The bill also authorizes $130 billion in school infrastructure targeted at high-poverty schools with facilities that endanger the health and safety of students and educators, Democrats said. The schools portion alone could create more than 2 million jobs, they said.

The bill would spend more than $100 billion to create or preserve at least 1.8 million affordable homes. “These investments will help reduce housing inequality, create jobs and stimulate the broader economy,” Democrats said in a “fact sheet” promoting the bill.

The measure also would upgrade child care facilities and protect access to safe drinking water by investing $25 billion in a state revolving fund that ensures communities have clean drinking water and remove dangerous contaminants from local water systems.

Three Republicans voted in favor of the bill: Rep. Brian Fitzpatrick of Pennsylvania and Reps. Jeff Van Drew and Chris Smith, both of New Jersey. Two Democrats opposed it: Reps. Collin Peterson of Minnesota and Ben McAdams of Utah.
__
Associated Press writer Andrew Taylor contributed to this story.

Today’s Top Stories

Government

Herbert Cox statement Reyes election lawsuit...
Mark Jones

State of Utah files lawsuit against pharmaceutical retailers

Three pharmaceutical retailers are facing a lawsuit from the State of Utah. The lawsuit was filed the week of July 1.
2 days ago
This June 20, 2017, photo provided by Chris Wonderly shows Hovenweep Castle at Hovenweep National M...
Curt Gresseth

Supreme Court widens state power over tribes. What does it mean for Utah?

The director of the Utah Division of Indian Affairs discusses the recent US Supreme Court ruling and what it means for tribes in Utah.
3 days ago
Ketanji Brown Jackson takes the oath for the Supreme Court....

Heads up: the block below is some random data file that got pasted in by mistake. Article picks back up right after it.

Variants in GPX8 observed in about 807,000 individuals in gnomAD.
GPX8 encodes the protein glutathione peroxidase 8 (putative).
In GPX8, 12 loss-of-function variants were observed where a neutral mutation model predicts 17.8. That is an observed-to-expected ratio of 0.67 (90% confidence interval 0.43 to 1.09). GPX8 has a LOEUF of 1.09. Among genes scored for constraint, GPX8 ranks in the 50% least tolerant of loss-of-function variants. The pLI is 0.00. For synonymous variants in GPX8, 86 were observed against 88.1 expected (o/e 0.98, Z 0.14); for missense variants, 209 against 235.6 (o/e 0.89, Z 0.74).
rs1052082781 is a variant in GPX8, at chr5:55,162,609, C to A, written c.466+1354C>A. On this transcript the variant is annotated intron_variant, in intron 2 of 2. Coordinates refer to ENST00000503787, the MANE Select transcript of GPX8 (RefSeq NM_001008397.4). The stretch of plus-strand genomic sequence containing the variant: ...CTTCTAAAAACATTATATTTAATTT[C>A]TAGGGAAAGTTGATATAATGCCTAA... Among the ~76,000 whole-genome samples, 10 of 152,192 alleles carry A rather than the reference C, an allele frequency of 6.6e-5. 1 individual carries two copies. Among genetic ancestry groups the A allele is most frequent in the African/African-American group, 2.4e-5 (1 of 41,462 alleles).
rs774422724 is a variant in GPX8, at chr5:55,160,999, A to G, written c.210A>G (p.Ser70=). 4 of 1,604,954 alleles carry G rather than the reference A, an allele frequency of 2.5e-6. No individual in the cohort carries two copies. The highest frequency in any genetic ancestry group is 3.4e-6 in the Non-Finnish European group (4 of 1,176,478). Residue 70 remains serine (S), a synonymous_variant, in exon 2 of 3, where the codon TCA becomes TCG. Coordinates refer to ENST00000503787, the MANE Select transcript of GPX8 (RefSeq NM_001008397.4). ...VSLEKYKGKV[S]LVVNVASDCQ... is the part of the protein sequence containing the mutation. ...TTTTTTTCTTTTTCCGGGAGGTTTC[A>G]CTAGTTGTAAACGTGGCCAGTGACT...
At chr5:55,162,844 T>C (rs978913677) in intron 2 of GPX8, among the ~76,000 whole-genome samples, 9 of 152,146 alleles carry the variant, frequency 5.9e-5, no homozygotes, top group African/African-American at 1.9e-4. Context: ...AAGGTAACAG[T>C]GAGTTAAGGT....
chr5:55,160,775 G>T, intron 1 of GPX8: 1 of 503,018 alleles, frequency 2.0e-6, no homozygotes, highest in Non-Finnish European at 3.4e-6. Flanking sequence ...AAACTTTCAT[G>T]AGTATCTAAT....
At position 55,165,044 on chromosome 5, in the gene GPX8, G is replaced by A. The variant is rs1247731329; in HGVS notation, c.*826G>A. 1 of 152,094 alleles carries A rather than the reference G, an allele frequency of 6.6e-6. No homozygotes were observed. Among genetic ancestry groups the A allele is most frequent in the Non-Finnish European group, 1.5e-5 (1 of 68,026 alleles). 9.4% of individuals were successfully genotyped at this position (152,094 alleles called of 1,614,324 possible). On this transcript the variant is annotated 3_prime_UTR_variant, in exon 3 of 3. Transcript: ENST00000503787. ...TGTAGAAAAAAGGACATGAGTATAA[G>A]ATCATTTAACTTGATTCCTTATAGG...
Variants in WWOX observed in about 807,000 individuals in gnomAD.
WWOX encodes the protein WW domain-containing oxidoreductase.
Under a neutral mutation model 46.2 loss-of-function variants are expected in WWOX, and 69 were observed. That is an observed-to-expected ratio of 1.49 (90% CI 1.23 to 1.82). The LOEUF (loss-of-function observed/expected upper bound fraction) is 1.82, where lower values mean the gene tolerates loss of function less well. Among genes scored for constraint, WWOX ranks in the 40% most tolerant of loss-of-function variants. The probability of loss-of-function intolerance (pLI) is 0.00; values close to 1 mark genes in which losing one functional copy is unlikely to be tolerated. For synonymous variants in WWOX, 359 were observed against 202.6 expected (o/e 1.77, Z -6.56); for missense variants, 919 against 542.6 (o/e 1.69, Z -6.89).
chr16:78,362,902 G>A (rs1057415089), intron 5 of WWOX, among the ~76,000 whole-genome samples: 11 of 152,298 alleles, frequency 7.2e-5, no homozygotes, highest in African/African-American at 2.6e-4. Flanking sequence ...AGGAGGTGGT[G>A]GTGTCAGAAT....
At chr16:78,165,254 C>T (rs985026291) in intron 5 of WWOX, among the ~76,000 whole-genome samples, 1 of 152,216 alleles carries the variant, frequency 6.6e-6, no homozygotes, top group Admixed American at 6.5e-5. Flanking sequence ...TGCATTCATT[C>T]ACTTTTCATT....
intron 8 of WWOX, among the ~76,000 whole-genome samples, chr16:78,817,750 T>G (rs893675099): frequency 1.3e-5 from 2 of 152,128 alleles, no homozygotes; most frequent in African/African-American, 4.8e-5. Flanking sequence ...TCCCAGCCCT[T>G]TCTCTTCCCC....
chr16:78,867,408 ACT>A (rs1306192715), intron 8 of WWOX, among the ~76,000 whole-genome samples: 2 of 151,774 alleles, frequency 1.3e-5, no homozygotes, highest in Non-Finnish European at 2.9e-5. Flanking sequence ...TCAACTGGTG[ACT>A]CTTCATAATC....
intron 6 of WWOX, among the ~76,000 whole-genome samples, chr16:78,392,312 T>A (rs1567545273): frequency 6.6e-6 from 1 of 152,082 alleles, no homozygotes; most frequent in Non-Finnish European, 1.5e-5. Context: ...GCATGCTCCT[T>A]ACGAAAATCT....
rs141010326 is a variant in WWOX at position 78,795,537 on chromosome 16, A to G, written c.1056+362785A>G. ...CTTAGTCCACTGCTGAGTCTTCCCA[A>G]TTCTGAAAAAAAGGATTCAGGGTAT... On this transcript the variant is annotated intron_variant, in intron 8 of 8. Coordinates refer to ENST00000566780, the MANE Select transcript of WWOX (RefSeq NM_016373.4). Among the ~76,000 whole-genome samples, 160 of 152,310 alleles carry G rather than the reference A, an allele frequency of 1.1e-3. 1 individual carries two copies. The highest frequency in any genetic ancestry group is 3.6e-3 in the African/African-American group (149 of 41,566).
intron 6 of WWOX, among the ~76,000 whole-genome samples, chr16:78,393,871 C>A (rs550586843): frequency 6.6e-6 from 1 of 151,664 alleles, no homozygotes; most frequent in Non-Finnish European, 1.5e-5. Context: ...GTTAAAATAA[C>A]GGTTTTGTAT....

MARK SHERMAN Associated Press

Jackson sworn in, becomes 1st Black woman on Supreme Court

Judge Ketanji Brown Jackson, 51, will be sworn as the court's 116th justice Thursday, just as the man she is replacing, Justice Stephen Breyer, retires.
3 days ago
Immigration activists rally outside the US Supreme Court in Washington, DC on April 26. Photo credi...
Tierney Sneed and Priscilla Alvarez, CNN

Supreme Court says Biden can end Trump-era ‘Remain in Mexico’ immigration policy

The Supreme Court on Thursday gave President Joe Biden the green light to end the controversial "Remain in Mexico" immigration policy.
3 days ago
The Supreme Court is pictured. The court just limited the EPA...
MARK SHERMAN Associated Press

Supreme Court limits EPA in curbing power plant emissions

The Supreme Court on Thursday limited how the nation's main anti-air pollution law can be used to reduce carbon dioxide emissions from power plants.
3 days ago
President Joe Biden speaks during a news conference on the final day of the NATO summit in Madrid, ...
DARLENE SUPERVILLE and ZEKE MILLER Associated Press

Biden says transatlantic alliance has adapted to new threats

Biden's comments came at a press conference in Madrid at the conclusion of the annual meeting of NATO leaders and after he attended a summit with the Group of Seven advanced democratic economies in the Bavarian Alps.
3 days ago

Sponsored Articles

Tax Harassment...
Jordan Wilcox

The best strategies for dealing with IRS tax harassment | You have options!

Learn how to deal with IRS tax harassment. This guide will teach you how to stop IRS phone calls and letters, and how to handle an IRS audit.
spend a day at Bear Lake...
Bear Lake Convention and Visitors Bureau

You’ll love spending the day at Bear Lake | How to spend a day at Bear Lake

Bear Lake is a place that needs to be experienced. Spend a day at Bear Lake.
Curb Appeal...
Price's Guaranteed Doors

How to have the best of both worlds for your house | Home security and curb appeal

Protect your home and improve its curb appeal with the latest security solutions like beautiful garage doors and increased security systems.
Prescription opioids can be disposed of during National Prescription Take Back Day...
Know Your Script

Prescription opioid misuse | How to protect your family from the opioid epidemic

Studies have shown that prescription opioid misuse has increased since COVID-19. So what do you need to know about these opioids?
national heart month...
Intermountain Healthcare

National Heart Month: 5 Lifestyle Changes to Make Today to Keep You Heart Healthy

Heart disease is the leading cause of death for both men and women. One person dies every 36 seconds in the United States from cardiovascular disease
Joseph Smith Memorial Building...
Temple Square

The Joseph Smith Memorial Building is an icon of Salt Lake City | Why hosting an event at this beautiful location will make you a hero this year

Here's why hosting an event at the iconic Joseph Smith Memorial Building in downtown Salt Lake City will make you a hero this year.
House approves $1.5T plan to fix crumbling infrastructure